Google Doodles: Redrawing American History

Doodle means to scribble absentmindedly.  But Google Doodles are intentional iconography that attempt to redraw America’s great history.  They elevate peripheral figures to iconic status and relegate religious holidays to amorphous greetings.

Google (now under the Alphabet umbrella) leverages its ubiquitous platform to doodle about holidays, anniversaries and famous people.  Since about 26% of us are unsure from whom we got our independence; many believe that Karl Marx helped author the Constitution, and untold others cannot name our 3 major branches of government, they could provide a useful civic service.

Instead, the insular techies are enmeshed in Silicon Valley’s progressive orthodoxy, choosing to superimpose today’s mores on yesteryear while ignoring  many heroic figures and religious holidays that weave together the grand tapestry of American history.  Contrary to their claims, Google Doodles more often celebrate obscure anniversaries and niche figures, retroactively applying modern leftist sensibilities tainted by sexism, multiculturalism, secularism, environmentalism and racialism.  Let’s take a look.


On March 16, 2016, Google celebrated the 266th birthday of astronomer Caroline Herschel.  By all accounts she was diligent, but her brother, Sir William Herschel, was more consequential in the field.  Indeed, Encyclopedia Britannica describes Caroline as his “faithful assistant.”   Even though William worked tirelessly to develop a natural history of the heavens, you won’t find a Google Doodle of him.

Amelia Earhart (who failed spectacularly) was celebrated by Google on July 24, 2012, but in the Google Doodle archives it’s Charles Lindberg who has gone missing.  I hate that he was sympathetic to the Nazis, but Google can be controversial and I suspect his omission has more to do with the sexist culture amongst the Google Doodlers whose communications officer is a Krisztina Radosavljevic-Szilagyi, whose online social profile ominously proclaims that she’s a “social action” protagonist.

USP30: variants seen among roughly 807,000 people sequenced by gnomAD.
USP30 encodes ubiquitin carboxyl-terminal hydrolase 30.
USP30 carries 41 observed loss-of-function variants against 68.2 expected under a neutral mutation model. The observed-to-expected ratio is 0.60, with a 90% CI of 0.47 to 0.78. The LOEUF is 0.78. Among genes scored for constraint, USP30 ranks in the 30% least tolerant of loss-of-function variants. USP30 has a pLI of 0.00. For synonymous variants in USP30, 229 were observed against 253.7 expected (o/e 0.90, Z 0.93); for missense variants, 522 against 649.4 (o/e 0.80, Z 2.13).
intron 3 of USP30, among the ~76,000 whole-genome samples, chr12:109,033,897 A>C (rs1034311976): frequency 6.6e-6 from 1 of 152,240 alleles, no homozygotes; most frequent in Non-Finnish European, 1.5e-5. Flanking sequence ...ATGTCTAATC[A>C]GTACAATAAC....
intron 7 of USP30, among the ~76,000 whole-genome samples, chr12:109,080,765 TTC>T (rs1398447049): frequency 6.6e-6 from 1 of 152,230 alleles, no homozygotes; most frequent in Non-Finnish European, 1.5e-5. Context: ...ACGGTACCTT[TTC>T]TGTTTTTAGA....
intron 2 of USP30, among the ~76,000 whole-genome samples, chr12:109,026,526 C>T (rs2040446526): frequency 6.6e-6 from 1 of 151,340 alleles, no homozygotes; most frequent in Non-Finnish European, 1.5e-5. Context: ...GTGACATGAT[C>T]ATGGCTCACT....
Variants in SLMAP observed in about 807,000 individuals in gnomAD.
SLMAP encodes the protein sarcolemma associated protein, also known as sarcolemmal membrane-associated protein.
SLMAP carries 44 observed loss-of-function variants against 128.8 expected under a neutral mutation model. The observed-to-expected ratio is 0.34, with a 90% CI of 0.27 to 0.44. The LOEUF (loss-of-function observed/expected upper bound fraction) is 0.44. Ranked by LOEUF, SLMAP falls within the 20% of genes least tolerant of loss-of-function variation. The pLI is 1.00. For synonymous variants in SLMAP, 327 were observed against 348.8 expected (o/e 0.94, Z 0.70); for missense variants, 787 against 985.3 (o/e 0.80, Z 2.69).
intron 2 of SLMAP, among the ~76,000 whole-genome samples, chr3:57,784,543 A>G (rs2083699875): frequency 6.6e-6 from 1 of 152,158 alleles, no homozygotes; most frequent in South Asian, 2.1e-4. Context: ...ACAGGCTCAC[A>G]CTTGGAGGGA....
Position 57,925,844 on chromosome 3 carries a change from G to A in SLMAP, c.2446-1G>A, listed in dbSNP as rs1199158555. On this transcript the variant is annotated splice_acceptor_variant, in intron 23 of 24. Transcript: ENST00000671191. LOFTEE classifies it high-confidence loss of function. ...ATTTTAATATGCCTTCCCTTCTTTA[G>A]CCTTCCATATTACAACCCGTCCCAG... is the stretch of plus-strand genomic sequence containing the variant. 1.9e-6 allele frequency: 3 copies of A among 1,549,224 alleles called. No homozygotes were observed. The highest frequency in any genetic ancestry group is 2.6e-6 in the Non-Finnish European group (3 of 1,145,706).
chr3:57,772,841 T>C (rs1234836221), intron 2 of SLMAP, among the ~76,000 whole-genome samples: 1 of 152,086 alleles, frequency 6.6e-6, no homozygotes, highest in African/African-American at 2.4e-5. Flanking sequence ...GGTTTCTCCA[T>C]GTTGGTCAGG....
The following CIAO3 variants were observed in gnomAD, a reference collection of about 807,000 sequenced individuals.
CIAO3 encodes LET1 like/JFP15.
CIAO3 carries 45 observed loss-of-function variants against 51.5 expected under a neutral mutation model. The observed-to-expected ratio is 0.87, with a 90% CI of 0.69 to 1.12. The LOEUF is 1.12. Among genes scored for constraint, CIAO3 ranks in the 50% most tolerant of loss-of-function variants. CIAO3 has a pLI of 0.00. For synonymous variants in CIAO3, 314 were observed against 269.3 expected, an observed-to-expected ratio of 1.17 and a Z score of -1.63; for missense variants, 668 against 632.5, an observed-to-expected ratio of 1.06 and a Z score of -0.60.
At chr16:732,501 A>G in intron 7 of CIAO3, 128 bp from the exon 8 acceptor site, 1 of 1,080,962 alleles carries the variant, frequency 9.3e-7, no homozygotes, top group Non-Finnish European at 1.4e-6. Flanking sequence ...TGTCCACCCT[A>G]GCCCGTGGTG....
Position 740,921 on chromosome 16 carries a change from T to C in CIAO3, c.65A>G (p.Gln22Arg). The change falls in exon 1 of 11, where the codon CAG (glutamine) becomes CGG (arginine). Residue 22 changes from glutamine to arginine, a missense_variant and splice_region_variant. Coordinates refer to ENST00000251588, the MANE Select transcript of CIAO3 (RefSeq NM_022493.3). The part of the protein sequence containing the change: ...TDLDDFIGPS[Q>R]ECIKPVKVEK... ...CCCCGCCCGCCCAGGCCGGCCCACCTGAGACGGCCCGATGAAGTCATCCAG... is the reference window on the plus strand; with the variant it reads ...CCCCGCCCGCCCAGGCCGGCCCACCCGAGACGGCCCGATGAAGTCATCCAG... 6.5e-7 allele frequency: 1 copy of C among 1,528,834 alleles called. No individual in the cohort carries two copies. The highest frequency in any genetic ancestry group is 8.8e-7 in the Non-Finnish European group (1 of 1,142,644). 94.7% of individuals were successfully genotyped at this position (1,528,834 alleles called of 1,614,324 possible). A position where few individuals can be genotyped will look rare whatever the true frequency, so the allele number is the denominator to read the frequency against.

On February 22, 2016, Google doodled the 161 year anniversary of a Serbian women doctor whose name has syllables reminiscent of Krisztina’s:  Draginja Ljocic Milosevic – at least it’s not hyphenated.  Draginja was also a women’s rights protagonist, but surely the American Susan B. Anthony is more deserving.  If Google were intent on providing a public service faithful to our history, they’d spotlight Anthony with a doodle since a majority of Americans can’t identify her as a founder of the Women’s Rights movement. 

Google says their Doodles celebrate famous people, so it’s incongruous that they would dredge up an unknown Serbian doctor -- who never even invented any vaccines -- as a poster girl for women’s rights.  The obvious answer – that it appeared only on Webpages in Serbia – is untrue.

Google also claims to celebrate holidays with its Doodles.  Holy Moly, what are they putting in their holiday eggnog?  Even though Christmas has been a federal holiday since 1870, we’re always greeted with a generic “Happy Holidays.”  Their doodling started in 1998 – that’s 19 years of avoiding “Merry Christmas.” 


In a nod to multiculturalism, I’m sure the clever artists at Google/Alphabet could contrive to combine Christian and Jewish traditions.  Even many of the Jewish faith appreciate the glorious Nativity scene, and are content to see it beside the menorah in public.  Yet you’ll find neither in the Google Doodle archives.